The fundamental human drive(s)

Many philosophers and psychologists have attempted to identify a single, ultimate drive of human behaviour. Maslow devised a heirarchy of drives. These attempts have been too simplistic. We have many drives, which manifest themselves in different life circumstances to varying degrees. With modern neuroscience we can get inside the brain, examine the dopamine system and other areas, in order to work out what is really driving us.

Fundamental human drives are:

  • Experiential/Emotional: curiosity/exploration, pursuit of pleasure and avoidance of pain, escape from boredom and anxiety
  • Meaning: authenticity, order, organisation, problems-solving
  • Environmental: survival/flight or fight,  food, shelter, physical health, adaption to one’s environment.
  • Reproduction: sex, pair bonding, care for one’s offspring
  • Creativity/personal goal setting and achievement: Creating new purposes, overcoming challenges, and achieving goals with positive reinforcement/rewards
  • Social/Emotional: group bonding/acceptance/adherence to cultural imperatives, self-preservation of family and tribe, cooperation, social status (competition/dominance, envy, resentment, vengeance, anger, shame, embarrassment)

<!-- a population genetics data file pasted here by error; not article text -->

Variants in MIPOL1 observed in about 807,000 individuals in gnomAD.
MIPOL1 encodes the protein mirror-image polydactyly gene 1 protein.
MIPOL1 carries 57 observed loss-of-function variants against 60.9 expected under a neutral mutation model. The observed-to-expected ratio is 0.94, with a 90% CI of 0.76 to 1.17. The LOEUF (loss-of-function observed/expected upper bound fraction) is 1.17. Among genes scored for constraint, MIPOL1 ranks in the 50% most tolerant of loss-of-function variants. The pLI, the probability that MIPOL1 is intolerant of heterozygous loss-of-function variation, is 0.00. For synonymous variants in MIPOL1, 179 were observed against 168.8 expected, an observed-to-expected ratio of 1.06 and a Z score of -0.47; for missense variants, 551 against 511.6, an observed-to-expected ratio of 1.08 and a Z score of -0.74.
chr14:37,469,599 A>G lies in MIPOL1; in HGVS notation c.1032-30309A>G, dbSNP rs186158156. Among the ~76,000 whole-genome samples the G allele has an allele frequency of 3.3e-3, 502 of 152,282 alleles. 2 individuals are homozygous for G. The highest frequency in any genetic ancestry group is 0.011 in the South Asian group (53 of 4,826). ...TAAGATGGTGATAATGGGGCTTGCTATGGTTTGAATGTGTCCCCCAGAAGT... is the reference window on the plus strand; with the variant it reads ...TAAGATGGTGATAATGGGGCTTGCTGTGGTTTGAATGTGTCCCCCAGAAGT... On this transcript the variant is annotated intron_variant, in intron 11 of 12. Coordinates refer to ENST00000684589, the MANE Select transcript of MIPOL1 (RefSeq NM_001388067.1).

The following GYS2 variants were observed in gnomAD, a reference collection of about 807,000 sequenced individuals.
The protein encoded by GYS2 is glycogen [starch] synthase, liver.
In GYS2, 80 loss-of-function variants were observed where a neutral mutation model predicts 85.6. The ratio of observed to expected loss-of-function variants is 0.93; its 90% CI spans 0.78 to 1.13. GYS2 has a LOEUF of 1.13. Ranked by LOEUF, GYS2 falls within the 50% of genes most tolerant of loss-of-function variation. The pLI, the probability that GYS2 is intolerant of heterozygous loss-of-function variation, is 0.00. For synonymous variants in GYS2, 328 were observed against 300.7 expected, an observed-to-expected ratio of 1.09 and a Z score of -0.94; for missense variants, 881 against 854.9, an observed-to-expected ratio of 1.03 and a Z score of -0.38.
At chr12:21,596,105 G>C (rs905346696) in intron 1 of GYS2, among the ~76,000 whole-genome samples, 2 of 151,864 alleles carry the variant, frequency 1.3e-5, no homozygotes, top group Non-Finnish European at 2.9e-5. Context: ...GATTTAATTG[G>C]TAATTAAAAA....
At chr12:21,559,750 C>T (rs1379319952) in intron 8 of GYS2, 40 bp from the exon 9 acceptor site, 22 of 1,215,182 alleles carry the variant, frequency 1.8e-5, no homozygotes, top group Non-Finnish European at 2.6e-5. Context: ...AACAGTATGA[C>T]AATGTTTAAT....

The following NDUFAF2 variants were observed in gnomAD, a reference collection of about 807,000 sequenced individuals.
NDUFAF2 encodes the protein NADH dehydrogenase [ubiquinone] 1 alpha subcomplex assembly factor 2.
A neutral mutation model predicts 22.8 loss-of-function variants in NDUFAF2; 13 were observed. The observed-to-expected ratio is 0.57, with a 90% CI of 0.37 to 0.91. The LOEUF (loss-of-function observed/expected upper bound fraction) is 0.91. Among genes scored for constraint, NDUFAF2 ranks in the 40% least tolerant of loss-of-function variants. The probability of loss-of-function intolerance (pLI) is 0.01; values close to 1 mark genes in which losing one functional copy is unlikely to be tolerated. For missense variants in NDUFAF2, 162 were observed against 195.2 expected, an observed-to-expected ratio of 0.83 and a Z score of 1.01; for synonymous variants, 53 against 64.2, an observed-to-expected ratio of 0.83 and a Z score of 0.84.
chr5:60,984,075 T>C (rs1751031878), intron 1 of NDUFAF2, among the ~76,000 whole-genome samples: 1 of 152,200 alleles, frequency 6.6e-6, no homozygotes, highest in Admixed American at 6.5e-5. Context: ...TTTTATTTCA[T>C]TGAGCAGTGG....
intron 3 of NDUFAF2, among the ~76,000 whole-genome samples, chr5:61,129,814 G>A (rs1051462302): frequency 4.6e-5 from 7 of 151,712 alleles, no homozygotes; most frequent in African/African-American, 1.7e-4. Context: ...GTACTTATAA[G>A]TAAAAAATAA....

It is supposed that all these drives serve one end, the continuation of human life with increasing adaptation to the environment. However, this theory (or teleological fiction) may need to be significantly adjusted in light of modern technological advancements. It seems that humans have mastered their environment (at least those of the Western middle and upper classes) and ends other than the evolutionary are gaining ascendance.

Richard Dawkins believes the next step in evolution will involve human beings creating new purposes and goals (cf. Nietzsche’s Übermensch).

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